Here's What You Need To Remember: Neither Iran nor Israel has claimed any overflights. So who is the "informed source" that made that claim? Saudi Arabia, which is embroiled in a Persian Gulf cold war with Iran and would love Tel Aviv to fight Tehran? Other Gulf states? The CIA?
A Kuwaiti newspaper created a stir earlier back in 2018 when it reported that Israel's new F-35 stealth fighters had flown over Iran.
"The fighters crossed Syrian airspace into Iraqi airspace, including to Iran, where they carried out reconnaissance missions and targets in the areas of Bandar Abbas, Isfahan and Shiraz, flying at a high altitude over other sites suspected of a relationship with Iran's nuclear program," according to an "informed source" quoted by the newspaper Al-Jarida (Google Arabic translation here).
The F-35s were allegedly not detected either by Iran or Russian radar based in Syria, according to the article.
So did the incident really happen? First, if the incident were true, that would mean that operational missions are already being flown by the F-35I Adir ("Mighty"), the Israeli version of the Lockheed Martin fighter. Israel currently has only nine of them, and the first squadron was declared operational only late last year. The Israeli Air Force (IAF) has a well-earned reputation for boldness, but there is a difference between being bold and foolhardy. IAF pilots and planners have barely had time to acclimate to a fifth-generation aircraft different from the fourth-generation F-15s and F-16s they currently operate. Even the U.S. military is struggling to fix numerous bugs in the F-35.
The baseline F-35A has a combat radius of around 600 miles (external fuel tanks add range but compromise stealth). The direct route from Tel Aviv to Tehran, which would overfly Jordan and Iraq, is about a thousand miles. The F-35I includes several unique modifications, including special external fuel tanks being developed by Israel. Yet even with air-to-air refueling, for which the IAF has a limited tanker capability, reaching Iran would still be a taxing flight on a par with the risky 1981 raid on Iraq's Osirak reactor.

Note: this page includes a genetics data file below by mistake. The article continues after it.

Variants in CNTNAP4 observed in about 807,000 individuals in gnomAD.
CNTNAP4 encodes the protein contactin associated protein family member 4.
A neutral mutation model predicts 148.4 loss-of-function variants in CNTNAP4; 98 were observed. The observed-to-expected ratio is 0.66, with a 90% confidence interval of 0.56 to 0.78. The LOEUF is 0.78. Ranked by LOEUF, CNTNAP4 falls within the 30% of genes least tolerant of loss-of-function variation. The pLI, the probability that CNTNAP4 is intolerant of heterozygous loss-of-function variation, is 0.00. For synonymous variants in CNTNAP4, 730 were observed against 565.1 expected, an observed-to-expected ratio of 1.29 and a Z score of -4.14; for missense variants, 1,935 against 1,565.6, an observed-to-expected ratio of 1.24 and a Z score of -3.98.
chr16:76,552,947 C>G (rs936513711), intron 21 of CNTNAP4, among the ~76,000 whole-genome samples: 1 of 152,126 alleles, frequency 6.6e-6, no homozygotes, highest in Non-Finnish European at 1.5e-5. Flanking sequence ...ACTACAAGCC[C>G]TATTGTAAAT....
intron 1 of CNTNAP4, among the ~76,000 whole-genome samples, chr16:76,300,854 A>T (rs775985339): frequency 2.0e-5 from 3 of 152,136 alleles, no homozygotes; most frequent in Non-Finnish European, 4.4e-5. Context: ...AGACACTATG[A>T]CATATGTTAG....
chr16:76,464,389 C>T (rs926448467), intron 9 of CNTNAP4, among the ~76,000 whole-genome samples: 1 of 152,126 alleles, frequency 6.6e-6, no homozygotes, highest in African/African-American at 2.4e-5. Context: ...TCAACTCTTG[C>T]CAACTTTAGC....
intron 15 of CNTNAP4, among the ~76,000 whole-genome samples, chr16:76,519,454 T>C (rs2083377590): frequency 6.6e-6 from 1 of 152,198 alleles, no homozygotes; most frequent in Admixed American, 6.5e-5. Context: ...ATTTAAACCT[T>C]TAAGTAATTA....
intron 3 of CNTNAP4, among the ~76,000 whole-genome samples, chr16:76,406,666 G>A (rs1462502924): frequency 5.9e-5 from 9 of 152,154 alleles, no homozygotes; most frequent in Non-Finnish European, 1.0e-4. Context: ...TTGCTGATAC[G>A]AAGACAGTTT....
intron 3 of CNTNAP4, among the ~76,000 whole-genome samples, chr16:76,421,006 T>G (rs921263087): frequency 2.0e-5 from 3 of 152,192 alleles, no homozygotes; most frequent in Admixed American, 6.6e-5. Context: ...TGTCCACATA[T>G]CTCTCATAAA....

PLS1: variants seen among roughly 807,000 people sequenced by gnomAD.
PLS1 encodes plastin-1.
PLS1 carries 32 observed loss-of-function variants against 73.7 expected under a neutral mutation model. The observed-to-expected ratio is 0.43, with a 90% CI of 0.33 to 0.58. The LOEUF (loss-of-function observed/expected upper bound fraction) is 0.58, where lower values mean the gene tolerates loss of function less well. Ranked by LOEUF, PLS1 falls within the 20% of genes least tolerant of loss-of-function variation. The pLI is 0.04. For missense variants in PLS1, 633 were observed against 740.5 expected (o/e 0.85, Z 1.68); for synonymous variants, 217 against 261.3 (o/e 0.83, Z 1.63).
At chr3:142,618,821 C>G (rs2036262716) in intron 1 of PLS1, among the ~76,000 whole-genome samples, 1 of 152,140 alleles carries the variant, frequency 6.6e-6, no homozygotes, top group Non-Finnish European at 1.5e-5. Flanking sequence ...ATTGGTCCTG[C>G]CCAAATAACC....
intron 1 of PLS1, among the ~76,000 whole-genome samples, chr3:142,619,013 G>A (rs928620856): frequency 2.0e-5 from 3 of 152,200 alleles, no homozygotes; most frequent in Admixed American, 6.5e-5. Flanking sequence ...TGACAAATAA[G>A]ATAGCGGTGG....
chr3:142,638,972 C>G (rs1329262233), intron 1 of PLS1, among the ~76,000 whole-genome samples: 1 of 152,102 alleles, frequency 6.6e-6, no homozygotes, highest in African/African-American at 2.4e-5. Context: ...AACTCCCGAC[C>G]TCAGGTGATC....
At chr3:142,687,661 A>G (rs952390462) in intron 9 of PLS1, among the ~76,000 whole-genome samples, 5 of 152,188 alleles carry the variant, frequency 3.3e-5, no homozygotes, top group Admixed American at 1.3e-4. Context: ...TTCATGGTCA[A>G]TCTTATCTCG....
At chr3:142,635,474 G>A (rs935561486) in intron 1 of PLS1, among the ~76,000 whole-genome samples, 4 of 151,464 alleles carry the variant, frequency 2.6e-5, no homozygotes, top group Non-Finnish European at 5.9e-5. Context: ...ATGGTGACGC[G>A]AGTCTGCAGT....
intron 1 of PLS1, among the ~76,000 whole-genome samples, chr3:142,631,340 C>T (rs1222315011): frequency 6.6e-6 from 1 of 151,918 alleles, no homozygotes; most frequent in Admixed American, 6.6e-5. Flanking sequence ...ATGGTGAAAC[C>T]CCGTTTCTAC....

Not to mention Iran has its own air defenses, including Russian-made S-300 long-range anti-aircraft missiles. Israel's enemies rejoiced when the IAF lost an F-16 to Syrian anti-aircraft missiles in February. Imagine the propaganda coup if Iran shot down an F-35.
Besides the technical risks, there is a bigger question: why fly the mission at all? Tensions are high, and predictions of war nigh, between Israel versus Iran and its Hezbollah proxy. But unless Israel believed war was truly imminent, and the F-35 was the only platform that could gain reconnaissance information (never mind Israel's spy satellites and drones), then the only reason to do it would be to send Iran a message.
But neither Iran nor Israel has claimed any overflights. So who is the "informed source" that made that claim? Saudi Arabia, which is embroiled in a Persian Gulf cold war with Iran and would love Tel Aviv to fight Tehran? Other Gulf states? The CIA?
Adding to the rumor stew is an Arab news site that claimed the Israeli jets flew from Azerbaijan, which borders Iran but buys weapons from Israel. Which in turn assumes that Israel is basing stealth jets in a Central Asian state that happens to border Russia.
And speaking of Russia, what's also interesting is the reaction to the incident by the Russians, who have radar in Syria that allegedly can detect stealth aircraft. Not surprisingly, Russia's Sputnik News quickly ran a story in which the Russian Ministry of Defense angrily denied the incident.
"The information published in a number of mass media outlets with reference to a foreign source, that 'Israeli fighters deceived the Russian radars in Syria and conducted reconnaissance at a high altitude' is a total stupidity," an unnamed source told the media site.
So who to believe? Occam's razor says go with the simplest explanation, which is that the episode never happened.